Vincent Council, Providence, 6’2, 180
15.9 ppg, 4.1 rpg, 7.5 apg, 1.3 spg, 39.1 FG%, 67.4 FT%, 29.3 3FG%, 2.1:1 A/TO
Council is coming off a season where he was not only the Big East’s leader in assists, but also in the Top 5 in the country. Also, Council averaged more minutes per game than any player in the country (38.7). He has good court vision, and he is very good at pushing the ball up the court quickly in transition, and either finishing or drawing the defense and kicking the ball out. When he has the ball on offense, he uses screens well, and can turn the corner quickly to get into the lane. He also does a very good job using his handle to create space for his jumper.
What he needs to show this season: Unfortunately, all of the positives listed above come with some big negatives attached. While he sees the court well, and can get into the defense, he has some issues with control. Also, he rarely seems to have a plan as he attacks the defense, and ends up trying to throw passes after getting too deep or getting into the air. Shot selection is also a major issue. His jumper isn’t bad, but when he chooses to take it is. He needs to work on going to the basket stronger and drawing the foul, instead of trying to avoid the defense entirely and taking a bad shot. Defensively, he needs to work on his positioning, especially understanding the right time to pressure the ball. He should also work on getting over screens, especially when he knows a guy can shoot.
Dexter Strickland, North Carolina, 6’3, 180
(19 Games) 7.5 ppg, 2.1 rpg, 2.1 apg, 1.3 spg, 57.0 FG%, 66.7 FT%, 1.5:1 A/TO
Strickland’s season was cut short last year after tearing his ACL. Expected to be at full strength, he will be a major asset to a UNC backcourt which lost Kendall Marshall to the NBA. Strickland can play either guard spot, though he doesn’t excel at either on offense. Defensively, he can guard extremely well, both on and off the ball. As a point guard, he doesn’t have great playmaking abilities, but he does a very good job keeping the offense moving and protecting the ball. He is always very active and can be found crashing the boards on both ends, or getting after loose balls.
What he needs to show this season: First, it will be important to show that the knee is fully recovered, which by all accounts, it seems to be. This is a young North Carolina team, and it will be important for Strickland to establish himself as a team leader, especially with 4 starters gone from last year. Along with helping to run the point, Strickland will need to show a more versatile offensive game, including a reliable jumper. While he won’t be needed to take on a significant scoring role, he will need to be a big enough threat to keep the defense honest. Defensively, as long as the knee is fine, I expect him to continue to be one of the best defenders in the country.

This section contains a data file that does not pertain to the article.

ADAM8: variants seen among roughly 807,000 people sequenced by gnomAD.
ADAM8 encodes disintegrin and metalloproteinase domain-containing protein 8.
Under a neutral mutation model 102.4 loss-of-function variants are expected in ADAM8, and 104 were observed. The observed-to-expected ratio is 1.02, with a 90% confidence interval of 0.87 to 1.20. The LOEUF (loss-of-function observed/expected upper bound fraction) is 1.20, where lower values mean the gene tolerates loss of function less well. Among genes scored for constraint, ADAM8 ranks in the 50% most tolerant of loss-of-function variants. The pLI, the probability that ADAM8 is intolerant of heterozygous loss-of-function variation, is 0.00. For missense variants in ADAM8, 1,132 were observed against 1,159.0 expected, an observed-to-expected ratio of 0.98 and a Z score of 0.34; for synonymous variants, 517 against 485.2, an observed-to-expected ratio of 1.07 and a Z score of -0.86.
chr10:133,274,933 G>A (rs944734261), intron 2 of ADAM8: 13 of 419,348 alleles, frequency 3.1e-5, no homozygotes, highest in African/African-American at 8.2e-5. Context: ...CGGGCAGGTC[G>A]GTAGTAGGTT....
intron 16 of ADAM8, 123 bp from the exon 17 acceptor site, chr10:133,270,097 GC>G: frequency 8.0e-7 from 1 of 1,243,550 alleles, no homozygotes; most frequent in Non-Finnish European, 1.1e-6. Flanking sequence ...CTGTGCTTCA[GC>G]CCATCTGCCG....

Robert Covington, Tennessee State, 6’9, 215
17.8 ppg, 7.9 rpg, 1.3 apg, 1.5 spg, 1.4 bpg, 52.6 FG%, 77.5 FT%, 44.8 3FG%
Covington has great size on the wing, and he uses it well to get good looks for his jumper. He has very good range and doesn’t take many bad shots. He runs the floor well, and can hit the jumper in transition or finish at the rim. He has a good nose for the ball and goes strong after rebounds, especially on the offensive glass. On the defensive end, Covington has good court awareness and stays active, especially playing off of screens. Off the ball, he uses his long arms to play passing lanes well and is a decent help and full-court defender.
What he needs to show this season: I want to see Covington use his size better in mismatch situations, especially taking smaller players in the post. Also, he needs to continue to improve his ballhandling skills and become more aggressive taking the ball off the dribble to the basket. He should get to the free throw line more often than he has before. On the defensive end, he needs to work on his lateral movement and positioning out on the perimeter, especially if he wants to guard wings in the NBA. Covington is one of the top players in the NCAA this season and needs to play with that type of confidence.